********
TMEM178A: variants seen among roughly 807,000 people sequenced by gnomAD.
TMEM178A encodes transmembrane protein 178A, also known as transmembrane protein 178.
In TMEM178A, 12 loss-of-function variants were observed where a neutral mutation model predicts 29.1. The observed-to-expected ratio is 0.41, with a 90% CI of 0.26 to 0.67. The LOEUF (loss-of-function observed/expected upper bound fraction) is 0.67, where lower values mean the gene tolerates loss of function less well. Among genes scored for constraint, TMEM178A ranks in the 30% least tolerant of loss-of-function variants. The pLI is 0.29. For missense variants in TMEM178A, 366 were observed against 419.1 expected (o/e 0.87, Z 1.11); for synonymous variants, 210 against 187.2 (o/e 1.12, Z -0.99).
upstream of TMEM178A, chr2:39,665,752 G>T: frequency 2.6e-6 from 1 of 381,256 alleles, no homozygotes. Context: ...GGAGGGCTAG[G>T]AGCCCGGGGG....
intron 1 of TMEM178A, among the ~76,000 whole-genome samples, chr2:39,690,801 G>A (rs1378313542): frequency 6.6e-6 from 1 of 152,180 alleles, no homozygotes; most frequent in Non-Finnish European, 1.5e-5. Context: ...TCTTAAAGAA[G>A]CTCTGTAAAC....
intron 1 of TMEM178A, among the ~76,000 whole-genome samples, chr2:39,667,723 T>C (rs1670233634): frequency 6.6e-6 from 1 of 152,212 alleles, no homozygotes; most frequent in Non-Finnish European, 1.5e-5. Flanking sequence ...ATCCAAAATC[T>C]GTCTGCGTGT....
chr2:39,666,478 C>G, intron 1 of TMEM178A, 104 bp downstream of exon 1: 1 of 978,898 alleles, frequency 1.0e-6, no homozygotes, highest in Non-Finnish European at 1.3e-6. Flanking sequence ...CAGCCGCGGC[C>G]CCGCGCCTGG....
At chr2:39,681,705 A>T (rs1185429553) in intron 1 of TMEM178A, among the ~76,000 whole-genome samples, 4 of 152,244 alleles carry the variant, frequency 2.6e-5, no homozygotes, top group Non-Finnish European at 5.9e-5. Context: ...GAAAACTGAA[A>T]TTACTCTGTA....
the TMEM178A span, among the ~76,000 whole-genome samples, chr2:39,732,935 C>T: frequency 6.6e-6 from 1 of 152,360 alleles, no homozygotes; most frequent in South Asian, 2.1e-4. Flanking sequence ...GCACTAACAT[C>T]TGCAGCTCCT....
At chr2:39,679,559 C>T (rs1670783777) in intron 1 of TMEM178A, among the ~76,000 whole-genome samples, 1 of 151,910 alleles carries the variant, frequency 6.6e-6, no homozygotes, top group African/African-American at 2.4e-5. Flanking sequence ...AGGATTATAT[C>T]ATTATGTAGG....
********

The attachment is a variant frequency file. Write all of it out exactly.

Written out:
TMEM178A: variants seen among roughly 807,000 people sequenced by gnomAD.
TMEM178A encodes transmembrane protein 178A, also known as transmembrane protein 178.
In TMEM178A, 12 loss-of-function variants were observed where a neutral mutation model predicts 29.1. The observed-to-expected ratio is 0.41, with a 90% CI of 0.26 to 0.67. The LOEUF (loss-of-function observed/expected upper bound fraction) is 0.67, where lower values mean the gene tolerates loss of function less well. Among genes scored for constraint, TMEM178A ranks in the 30% least tolerant of loss-of-function variants. The pLI is 0.29. For missense variants in TMEM178A, 366 were observed against 419.1 expected (o/e 0.87, Z 1.11); for synonymous variants, 210 against 187.2 (o/e 1.12, Z -0.99).
upstream of TMEM178A, chr2:39,665,752 G>T: frequency 2.6e-6 from 1 of 381,256 alleles, no homozygotes. Context: ...GGAGGGCTAG[G>T]AGCCCGGGGG....
intron 1 of TMEM178A, among the ~76,000 whole-genome samples, chr2:39,690,801 G>A (rs1378313542): frequency 6.6e-6 from 1 of 152,180 alleles, no homozygotes; most frequent in Non-Finnish European, 1.5e-5. Context: ...TCTTAAAGAA[G>A]CTCTGTAAAC....
intron 1 of TMEM178A, among the ~76,000 whole-genome samples, chr2:39,667,723 T>C (rs1670233634): frequency 6.6e-6 from 1 of 152,212 alleles, no homozygotes; most frequent in Non-Finnish European, 1.5e-5. Flanking sequence ...ATCCAAAATC[T>C]GTCTGCGTGT....
chr2:39,666,478 C>G, intron 1 of TMEM178A, 104 bp downstream of exon 1: 1 of 978,898 alleles, frequency 1.0e-6, no homozygotes, highest in Non-Finnish European at 1.3e-6. Flanking sequence ...CAGCCGCGGC[C>G]CCGCGCCTGG....
At chr2:39,681,705 A>T (rs1185429553) in intron 1 of TMEM178A, among the ~76,000 whole-genome samples, 4 of 152,244 alleles carry the variant, frequency 2.6e-5, no homozygotes, top group Non-Finnish European at 5.9e-5. Context: ...GAAAACTGAA[A>T]TTACTCTGTA....
the TMEM178A span, among the ~76,000 whole-genome samples, chr2:39,732,935 C>T: frequency 6.6e-6 from 1 of 152,360 alleles, no homozygotes; most frequent in South Asian, 2.1e-4. Flanking sequence ...GCACTAACAT[C>T]TGCAGCTCCT....
At chr2:39,679,559 C>T (rs1670783777) in intron 1 of TMEM178A, among the ~76,000 whole-genome samples, 1 of 151,910 alleles carries the variant, frequency 6.6e-6, no homozygotes, top group African/African-American at 2.4e-5. Flanking sequence ...AGGATTATAT[C>T]ATTATGTAGG....